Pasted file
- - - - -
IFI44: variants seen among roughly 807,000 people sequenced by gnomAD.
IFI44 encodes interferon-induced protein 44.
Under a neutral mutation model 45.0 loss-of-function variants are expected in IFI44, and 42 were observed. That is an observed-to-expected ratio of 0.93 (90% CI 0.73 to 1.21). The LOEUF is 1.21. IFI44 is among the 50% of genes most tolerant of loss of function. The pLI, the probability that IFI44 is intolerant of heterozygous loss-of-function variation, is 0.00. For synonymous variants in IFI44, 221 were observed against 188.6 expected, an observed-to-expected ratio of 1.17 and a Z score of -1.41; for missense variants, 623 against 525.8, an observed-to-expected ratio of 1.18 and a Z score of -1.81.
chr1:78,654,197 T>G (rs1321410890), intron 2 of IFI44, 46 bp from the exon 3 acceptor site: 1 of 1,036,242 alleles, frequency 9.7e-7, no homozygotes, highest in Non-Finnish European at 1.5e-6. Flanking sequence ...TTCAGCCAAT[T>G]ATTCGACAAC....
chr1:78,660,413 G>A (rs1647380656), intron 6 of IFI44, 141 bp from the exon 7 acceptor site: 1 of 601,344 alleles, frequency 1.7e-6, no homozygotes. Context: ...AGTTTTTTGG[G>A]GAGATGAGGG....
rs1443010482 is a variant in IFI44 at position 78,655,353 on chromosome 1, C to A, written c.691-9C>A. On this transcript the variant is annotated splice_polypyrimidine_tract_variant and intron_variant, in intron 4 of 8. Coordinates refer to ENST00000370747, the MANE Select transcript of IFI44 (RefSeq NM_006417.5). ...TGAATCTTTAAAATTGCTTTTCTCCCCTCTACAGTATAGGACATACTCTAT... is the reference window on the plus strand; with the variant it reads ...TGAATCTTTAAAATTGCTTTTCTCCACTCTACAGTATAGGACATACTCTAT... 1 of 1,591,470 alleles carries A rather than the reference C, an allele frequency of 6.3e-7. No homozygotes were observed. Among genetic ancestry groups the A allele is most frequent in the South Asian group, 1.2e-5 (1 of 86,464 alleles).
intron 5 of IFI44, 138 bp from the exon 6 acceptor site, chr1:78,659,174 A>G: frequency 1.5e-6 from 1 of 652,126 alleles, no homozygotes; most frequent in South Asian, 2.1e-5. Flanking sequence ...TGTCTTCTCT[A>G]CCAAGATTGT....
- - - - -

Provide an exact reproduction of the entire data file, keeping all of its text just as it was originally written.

IFI44: variants seen among roughly 807,000 people sequenced by gnomAD.
IFI44 encodes interferon-induced protein 44.
Under a neutral mutation model 45.0 loss-of-function variants are expected in IFI44, and 42 were observed. That is an observed-to-expected ratio of 0.93 (90% CI 0.73 to 1.21). The LOEUF is 1.21. IFI44 is among the 50% of genes most tolerant of loss of function. The pLI, the probability that IFI44 is intolerant of heterozygous loss-of-function variation, is 0.00. For synonymous variants in IFI44, 221 were observed against 188.6 expected, an observed-to-expected ratio of 1.17 and a Z score of -1.41; for missense variants, 623 against 525.8, an observed-to-expected ratio of 1.18 and a Z score of -1.81.
chr1:78,654,197 T>G (rs1321410890), intron 2 of IFI44, 46 bp from the exon 3 acceptor site: 1 of 1,036,242 alleles, frequency 9.7e-7, no homozygotes, highest in Non-Finnish European at 1.5e-6. Flanking sequence ...TTCAGCCAAT[T>G]ATTCGACAAC....
chr1:78,660,413 G>A (rs1647380656), intron 6 of IFI44, 141 bp from the exon 7 acceptor site: 1 of 601,344 alleles, frequency 1.7e-6, no homozygotes. Context: ...AGTTTTTTGG[G>A]GAGATGAGGG....
rs1443010482 is a variant in IFI44 at position 78,655,353 on chromosome 1, C to A, written c.691-9C>A. On this transcript the variant is annotated splice_polypyrimidine_tract_variant and intron_variant, in intron 4 of 8. Coordinates refer to ENST00000370747, the MANE Select transcript of IFI44 (RefSeq NM_006417.5). ...TGAATCTTTAAAATTGCTTTTCTCCCCTCTACAGTATAGGACATACTCTAT... is the reference window on the plus strand; with the variant it reads ...TGAATCTTTAAAATTGCTTTTCTCCACTCTACAGTATAGGACATACTCTAT... 1 of 1,591,470 alleles carries A rather than the reference C, an allele frequency of 6.3e-7. No homozygotes were observed. Among genetic ancestry groups the A allele is most frequent in the South Asian group, 1.2e-5 (1 of 86,464 alleles).
intron 5 of IFI44, 138 bp from the exon 6 acceptor site, chr1:78,659,174 A>G: frequency 1.5e-6 from 1 of 652,126 alleles, no homozygotes; most frequent in South Asian, 2.1e-5. Flanking sequence ...TGTCTTCTCT[A>G]CCAAGATTGT....